The 1925 Breviarum Monasticum adapted the breviary reforms of Pope Pius X to the monastic form of the Office—happily without the distortion of the weekly cursus of psalmody that marred the new Breviarium Romanum. (The 1935 Monastic Diurnal of Canon Winfred Douglas, which will be familiar to Anglican readers, was based on the 1925 Breviarium Monasticum, which, Canon Douglas notes in the preface, was the result of "extensive revision and restoration by its Benedictine editors.")

It is rather moving to discover, a couple of pages later in the 1884 Breviarium, that my Bavarian nun has made pencil marks under the very words of St. Bernard that you have mentioned, Father. (In the four-lessons-per-nocturn monastic pattern, these come in Lesson VIII.) She has evidently been warned that she will have to read this lesson, and she wants to make sure that she doesn't flub the intonation formula in the rhetorical questions that St. Bernard is heaping up. She has underlined the first syllable of each question ("Drop your voice a semitone here!") and then also the syllable near the end of each question where the concluding cadence begins ("Carefully, now: lah, mi, mi-doh."):

Sed forte quis dicat: _Num_quid non eum praescierat mo_ri_turum? Et indubitanter. _Num_quid non sperabat continuo resur_rec_turum? Et fideliter. _Su_per haec doluit cru_ci_fixum? Et vehementer. Alioquin quisnam tu, frater, aut unde tibi haec sapientia, ut mireris plus Mariam compatientem, _quam_ Mariae Filium pa_ti_entem? Ille enim mori corpore potuit, _is_ta commori corde non _po_tuit? Fecit illud caritas, qua maiorem nemo habuit: fecit et hoc caritas, cui post illam similis altera non fuit.

(See the punctum interrogativum in the tonus communis for Matins lessons in the 1895 monastic Liber responsorialis, p. 32.)

Jesse said...

PS. I managed to locate my 1963 Marietti Breviarium Monasticum, and I can confirm that I Vespers for the feast VII Dolorum BMV (including the hymn Iam toto subitus) is absent. The lections at Nocturns are reduced to a single paragraph of the sermon of St. Bernard that does not include Mariam compatientem.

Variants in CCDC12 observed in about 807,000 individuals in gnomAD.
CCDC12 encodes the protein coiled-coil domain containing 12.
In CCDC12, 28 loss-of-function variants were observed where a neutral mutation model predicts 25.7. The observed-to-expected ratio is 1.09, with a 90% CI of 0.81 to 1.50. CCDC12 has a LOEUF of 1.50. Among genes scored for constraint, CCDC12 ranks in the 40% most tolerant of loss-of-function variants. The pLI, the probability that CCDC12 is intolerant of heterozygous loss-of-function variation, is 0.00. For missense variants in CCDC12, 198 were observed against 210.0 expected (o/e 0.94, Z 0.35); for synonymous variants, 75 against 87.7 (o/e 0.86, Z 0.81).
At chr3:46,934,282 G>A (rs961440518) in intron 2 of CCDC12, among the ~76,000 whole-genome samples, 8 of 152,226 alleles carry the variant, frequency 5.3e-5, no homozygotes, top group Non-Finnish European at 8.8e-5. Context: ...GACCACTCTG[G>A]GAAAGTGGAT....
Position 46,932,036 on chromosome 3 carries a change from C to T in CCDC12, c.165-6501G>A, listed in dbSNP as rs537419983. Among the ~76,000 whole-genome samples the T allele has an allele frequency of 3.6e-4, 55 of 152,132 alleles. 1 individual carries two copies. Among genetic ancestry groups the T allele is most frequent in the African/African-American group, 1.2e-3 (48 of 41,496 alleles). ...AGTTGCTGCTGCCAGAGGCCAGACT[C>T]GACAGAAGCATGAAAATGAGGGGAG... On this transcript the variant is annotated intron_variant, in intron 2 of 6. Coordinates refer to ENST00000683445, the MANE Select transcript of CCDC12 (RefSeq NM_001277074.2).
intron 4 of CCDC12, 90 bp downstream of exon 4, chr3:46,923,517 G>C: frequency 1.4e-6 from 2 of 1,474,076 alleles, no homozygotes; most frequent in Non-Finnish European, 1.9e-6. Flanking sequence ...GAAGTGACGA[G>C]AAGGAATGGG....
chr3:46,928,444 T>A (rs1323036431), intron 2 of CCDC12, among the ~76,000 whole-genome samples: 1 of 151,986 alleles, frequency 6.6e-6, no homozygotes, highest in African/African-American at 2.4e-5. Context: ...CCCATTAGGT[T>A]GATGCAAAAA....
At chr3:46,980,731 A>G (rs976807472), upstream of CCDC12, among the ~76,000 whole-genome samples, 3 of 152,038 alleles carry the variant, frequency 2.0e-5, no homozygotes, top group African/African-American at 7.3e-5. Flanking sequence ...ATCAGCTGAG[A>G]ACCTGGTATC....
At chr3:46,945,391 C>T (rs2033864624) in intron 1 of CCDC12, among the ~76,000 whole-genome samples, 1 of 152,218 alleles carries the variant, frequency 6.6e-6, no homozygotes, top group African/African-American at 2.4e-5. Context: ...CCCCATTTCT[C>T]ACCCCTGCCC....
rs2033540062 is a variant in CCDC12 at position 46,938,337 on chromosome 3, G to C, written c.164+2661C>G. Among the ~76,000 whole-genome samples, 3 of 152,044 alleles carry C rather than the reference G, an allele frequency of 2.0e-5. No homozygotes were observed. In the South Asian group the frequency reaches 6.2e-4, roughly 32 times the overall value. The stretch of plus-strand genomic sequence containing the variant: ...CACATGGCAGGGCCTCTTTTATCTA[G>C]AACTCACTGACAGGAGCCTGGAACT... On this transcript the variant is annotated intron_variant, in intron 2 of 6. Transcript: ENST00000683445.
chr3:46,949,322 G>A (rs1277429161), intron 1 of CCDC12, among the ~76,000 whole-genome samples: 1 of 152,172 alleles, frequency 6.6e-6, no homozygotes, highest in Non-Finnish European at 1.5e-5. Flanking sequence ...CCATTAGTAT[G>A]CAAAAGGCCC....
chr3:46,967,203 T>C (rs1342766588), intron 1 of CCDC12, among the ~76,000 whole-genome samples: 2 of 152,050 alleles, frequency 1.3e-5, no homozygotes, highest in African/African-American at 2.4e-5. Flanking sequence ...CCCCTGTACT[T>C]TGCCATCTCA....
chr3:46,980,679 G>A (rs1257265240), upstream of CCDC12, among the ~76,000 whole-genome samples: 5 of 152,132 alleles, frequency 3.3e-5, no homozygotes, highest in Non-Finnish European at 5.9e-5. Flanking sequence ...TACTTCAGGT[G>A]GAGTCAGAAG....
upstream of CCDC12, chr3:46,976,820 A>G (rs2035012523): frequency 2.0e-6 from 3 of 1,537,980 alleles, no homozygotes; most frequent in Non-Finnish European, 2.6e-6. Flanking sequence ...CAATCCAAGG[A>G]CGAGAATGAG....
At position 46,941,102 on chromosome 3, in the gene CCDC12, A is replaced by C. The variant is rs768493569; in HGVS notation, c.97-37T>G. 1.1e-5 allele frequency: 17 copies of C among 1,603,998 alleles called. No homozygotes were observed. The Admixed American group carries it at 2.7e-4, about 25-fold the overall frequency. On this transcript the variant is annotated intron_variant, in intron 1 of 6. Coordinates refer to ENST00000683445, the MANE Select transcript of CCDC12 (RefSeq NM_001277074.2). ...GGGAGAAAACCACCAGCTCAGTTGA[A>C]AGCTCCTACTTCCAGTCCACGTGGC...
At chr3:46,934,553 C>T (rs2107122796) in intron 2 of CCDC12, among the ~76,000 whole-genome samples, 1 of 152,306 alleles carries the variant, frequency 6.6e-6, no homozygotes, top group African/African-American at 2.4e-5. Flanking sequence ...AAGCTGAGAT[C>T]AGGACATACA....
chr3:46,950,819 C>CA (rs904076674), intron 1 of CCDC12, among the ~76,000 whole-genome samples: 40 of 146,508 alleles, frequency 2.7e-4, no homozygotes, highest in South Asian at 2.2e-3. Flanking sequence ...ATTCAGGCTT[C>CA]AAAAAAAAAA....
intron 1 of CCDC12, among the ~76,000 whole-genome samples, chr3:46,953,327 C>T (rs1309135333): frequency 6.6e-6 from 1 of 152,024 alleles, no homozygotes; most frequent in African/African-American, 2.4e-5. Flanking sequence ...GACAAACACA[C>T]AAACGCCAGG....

Moritz Gruber said...

Dear Kathleen1031,

our reverend host did not say Feasts were childish, but that Special Feasts were. Also, he did not mean to actually say that Special Feasts are childish, but to ironically disagree with those who do.

There are a couple of liturgists, of a shall-we-say reformist nature, who rather dislike the habit of devotionally singling out some specific aspects of Our Lord and our Lady's life hand having a feast about that. That is the idea of special, or devotional, feasts. Their argument - they are, after all, faithful Catholics - goes like this: "Yes, our Lady experienced sorrows when she stood under the Cross (and at those other occasions mentioned in the Seven Sorrows list). But the day we celebrate our Lord dying on the Cross, with all that includes, is Good Friday. Wouldn't we rather celebrate St. Nicomedes, who died on this very day as a martyr for our Lord - or perhaps the Octave of Our Lady's Nativity?" (They generally do allow for a few more than just one feast for Our Lady: think her Immaculate Conception, her Nativity, her Assumption, her Purification, all very ancient feasts and she was after all born already holy.) Some old Calendars had, besides the double-semidouble-simple ranking, a category of "primary" vs. "secondary" feasts; that is the thing.

I tried to present their argument in a favorable light. I disagree with them, as does, I think, our reverend host, but their argument is of the "on the whole wrong, but there's something to it" kind.